This is one of those books that’s incredibly frustrating (in a good way) as I’ve really struggled to put anything into words about it (indeed my procrastination about this review is one of the main reasons I’m currently so behind!)

Simply put, I just thought it was excellent – beautifully written with well-drawn characters you absolutely get behind and feel for, as well as complex themes and multiple layers. It was at once soothing and angering; full of a folkloric magic and disturbingly plausible; believable bleak but full of hope.

With environment, nature and climate change are at its core, there are also questions raised about power, wealth, inequality and freedom. About fairness, society and childhood. About family, friends and roots. The way it draws on nature, folk tales, cultural heritage and the arts as well as celebrating differences, talents and togetherness is inspired.

Just wonderful.

The ‘Unrateables’

I know there is great debate within the blogosphere on the posting of negative reviews. Personally, I choose not to. I’d prefer to spend my time writing about books I enjoyed and sharing the book love.

However, that sometimes leaves me with a bit of a ‘grey area’, with books I like to think of as ‘Unrateables’. (This is not, I promise, a back-handed compliment!)

You see, another thing I see quite often (on twitter and the like) are children’s books being given rubbish reviews (on a****n, goodreads etc) because “it’s childish” or “it’s ok for kids”…well, um, yeah…its a *children’s* book.

Which leads me to my quandary (we got there in the end), which is that usually when I read the kids books I choose to read (MG for the most part) I love them as me, an adult.

However, sometimes I read books that I didn’t particularly fall in love with, but that I know are absolutely spot on for their intended audience (kids) and wouldn’t hesitate to recommend at work etc to young readers.

Books that are well pitched and written for that age. Books that often tackle thorny subjects or feelings incredibly well and at just the right level. Books that balance serious stories with humour or fantasy or a pinch of the unlikely. But books that don’t grab me on a personal level.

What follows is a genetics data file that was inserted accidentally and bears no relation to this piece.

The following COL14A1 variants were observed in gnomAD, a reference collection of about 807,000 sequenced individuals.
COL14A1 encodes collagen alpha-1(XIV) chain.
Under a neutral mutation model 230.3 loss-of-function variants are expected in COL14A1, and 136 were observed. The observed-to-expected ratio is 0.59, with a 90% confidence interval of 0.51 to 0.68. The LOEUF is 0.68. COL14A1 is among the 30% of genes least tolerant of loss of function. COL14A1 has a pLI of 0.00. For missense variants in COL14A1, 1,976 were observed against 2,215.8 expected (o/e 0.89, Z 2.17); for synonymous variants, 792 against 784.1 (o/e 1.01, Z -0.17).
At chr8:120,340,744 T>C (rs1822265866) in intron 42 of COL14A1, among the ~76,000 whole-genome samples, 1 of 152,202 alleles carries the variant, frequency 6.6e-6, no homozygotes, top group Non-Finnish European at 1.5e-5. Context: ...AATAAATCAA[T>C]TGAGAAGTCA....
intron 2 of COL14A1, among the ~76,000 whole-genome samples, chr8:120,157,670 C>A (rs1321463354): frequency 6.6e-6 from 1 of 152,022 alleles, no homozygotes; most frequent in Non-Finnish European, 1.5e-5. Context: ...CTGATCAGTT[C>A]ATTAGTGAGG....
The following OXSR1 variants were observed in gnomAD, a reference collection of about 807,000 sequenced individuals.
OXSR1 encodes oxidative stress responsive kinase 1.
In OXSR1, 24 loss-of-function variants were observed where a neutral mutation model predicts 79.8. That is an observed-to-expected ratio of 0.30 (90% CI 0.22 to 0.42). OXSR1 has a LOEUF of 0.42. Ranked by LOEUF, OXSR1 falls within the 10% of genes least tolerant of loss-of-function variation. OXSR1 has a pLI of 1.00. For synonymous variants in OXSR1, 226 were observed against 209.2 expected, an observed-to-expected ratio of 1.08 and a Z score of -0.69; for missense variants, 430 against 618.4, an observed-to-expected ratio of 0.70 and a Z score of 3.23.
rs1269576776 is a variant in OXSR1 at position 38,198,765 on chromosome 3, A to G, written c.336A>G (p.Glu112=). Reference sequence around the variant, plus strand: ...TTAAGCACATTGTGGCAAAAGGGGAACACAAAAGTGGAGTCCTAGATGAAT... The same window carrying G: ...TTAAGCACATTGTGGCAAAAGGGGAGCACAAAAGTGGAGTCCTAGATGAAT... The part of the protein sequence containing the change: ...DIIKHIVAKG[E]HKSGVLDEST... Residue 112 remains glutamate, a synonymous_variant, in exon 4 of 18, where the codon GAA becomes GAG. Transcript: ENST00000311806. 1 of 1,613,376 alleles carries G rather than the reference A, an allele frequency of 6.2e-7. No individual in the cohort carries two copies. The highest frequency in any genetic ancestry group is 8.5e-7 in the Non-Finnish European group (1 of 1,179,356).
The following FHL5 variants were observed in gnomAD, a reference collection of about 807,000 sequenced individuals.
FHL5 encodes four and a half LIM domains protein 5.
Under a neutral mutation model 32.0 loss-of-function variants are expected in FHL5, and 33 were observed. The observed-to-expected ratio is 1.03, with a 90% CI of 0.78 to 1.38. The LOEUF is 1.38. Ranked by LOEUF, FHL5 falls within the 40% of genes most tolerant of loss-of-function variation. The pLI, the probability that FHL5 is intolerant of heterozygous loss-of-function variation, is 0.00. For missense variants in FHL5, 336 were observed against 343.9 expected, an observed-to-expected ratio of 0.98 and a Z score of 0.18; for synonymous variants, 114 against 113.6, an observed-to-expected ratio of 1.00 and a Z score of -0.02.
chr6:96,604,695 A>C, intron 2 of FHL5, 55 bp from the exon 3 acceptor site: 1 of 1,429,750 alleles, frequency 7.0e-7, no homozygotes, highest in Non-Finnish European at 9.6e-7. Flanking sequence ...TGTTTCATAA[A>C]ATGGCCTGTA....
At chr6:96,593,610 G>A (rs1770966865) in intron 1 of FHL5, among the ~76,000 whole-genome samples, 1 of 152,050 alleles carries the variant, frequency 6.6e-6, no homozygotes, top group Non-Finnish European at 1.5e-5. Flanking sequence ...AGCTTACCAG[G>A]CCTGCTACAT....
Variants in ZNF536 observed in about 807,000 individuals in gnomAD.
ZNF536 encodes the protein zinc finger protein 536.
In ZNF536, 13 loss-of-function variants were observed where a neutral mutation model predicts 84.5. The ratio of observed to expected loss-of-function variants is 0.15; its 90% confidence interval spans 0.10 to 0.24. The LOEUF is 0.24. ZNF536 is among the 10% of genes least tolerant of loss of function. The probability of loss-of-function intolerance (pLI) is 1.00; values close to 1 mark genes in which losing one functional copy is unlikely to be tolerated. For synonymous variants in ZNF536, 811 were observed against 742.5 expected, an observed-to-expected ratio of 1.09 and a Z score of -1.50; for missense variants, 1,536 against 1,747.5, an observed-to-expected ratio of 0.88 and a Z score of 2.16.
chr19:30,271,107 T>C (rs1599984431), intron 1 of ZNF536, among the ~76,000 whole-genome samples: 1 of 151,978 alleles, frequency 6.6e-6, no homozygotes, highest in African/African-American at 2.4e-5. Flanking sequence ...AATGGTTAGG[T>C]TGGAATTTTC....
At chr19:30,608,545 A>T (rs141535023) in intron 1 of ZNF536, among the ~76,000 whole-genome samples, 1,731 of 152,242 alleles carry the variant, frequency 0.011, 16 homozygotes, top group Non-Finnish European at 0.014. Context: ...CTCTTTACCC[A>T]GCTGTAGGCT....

Today’s books are two like this. The Boy at The Back of the Class by Onjali Q. Rauf and The Closest Thing to Flying by Gill Lewis.

There used to be an empty chair at the back of my class, but now a new boy called Ahmet is sitting in it.

He never talks and never smiles and doesn’t like sweets.

But then I learned the truth: Ahmet really isn’t very strange at all. He’s a refugee who’s run away from a War. And the more I find out about him, the more I want to help.

This book is a great way of opening up discussion about war, refugees and – more generally – differences, prejudices, fairness, right and wrong.

I thought the way we were introduced to Ahmet, and the way we see his integration into the classroom and relationships with others unfold was brilliantly written and paced.

Ahmet’s situation is described perfectly – there are some very difficult themes written about, but all are addressed sensitively and age-appropriately, and the author uses small, everyday things to really make it understandable and bring the message home (I thought the pomegranate storyline was lovely).

Likewise, the bullies at school not only introduce another, likely more familiar issue, but also cleverly highlights both how refugees are treated and mirrors the larger issues in the book.

A book which makes helping others – against the odds, in the face of obstacles and when we have no real reason to – seem obvious.

With strong themes of friendship and loyalty, and including a fast-paced, very funny adventure, this takes on some heartbreaking issues but with humour and a heart-warming touch.

Present day: Semira and her mother were brought to England by a man who has complete control. Always moving on, always afraid of being caught, she longs for freedom.

1891: Hen’s trapped in a life of behaving like a lady. But her Aunt Kitty is opening her eyes to a whole new world. A world of animal rights, and votes for women, and riding bicycles!

When Semira discovers Hen’s diary, she finds the inspiration to be brave and to fight for her place in the world.

Semira and her mum have had to flee their country, and the way not just this but the surrounding issues – the reasons they fled, the way they had to do it, the control and power someone else now has over them, the constant moving – are explored sensitively and age-appropriately.

This Victorian narrative – that we see through Hen’s diary, found by Semira – likewise highlights issues of that time too, not least some very sexist and prejudiced attitudes, but also the very beginnings of change and a glimmer of hope.

The use of birds and cycling to draw parallels between the two times, and between the characters really drew them together as well as creating powerful metaphors for the feelings of being trapped and free was very cleverly done. And of course, there was the link between Semira and Hen. Both feeling trapped and powerless, both find the courage to do something about it – Hen drawing on the spirit of her Aunt Kitty and friends, Semira on turn drawing on Hen.

Another thing I thought was very clever about the telling of Semira’s story was the way it drew on things both good and bad – ice cream, cycling, birds and homework; being an outsider, domestic abuse and bullying – that helped draw the characters together in spite of outward differences, and which in turn will help readers from all backgrounds relate to, empathise with and understand them.

Empowering and inspiring, this is a book filled with brave, determined and strong female characters. It is a book of solidarity, trust and friendship. It is a book about helping others, but also allowing others to help you. It is a book about standing up for your beliefs and for each other. It is a book full of hope, power and action in the face of adversity. It is a book about finally flying free.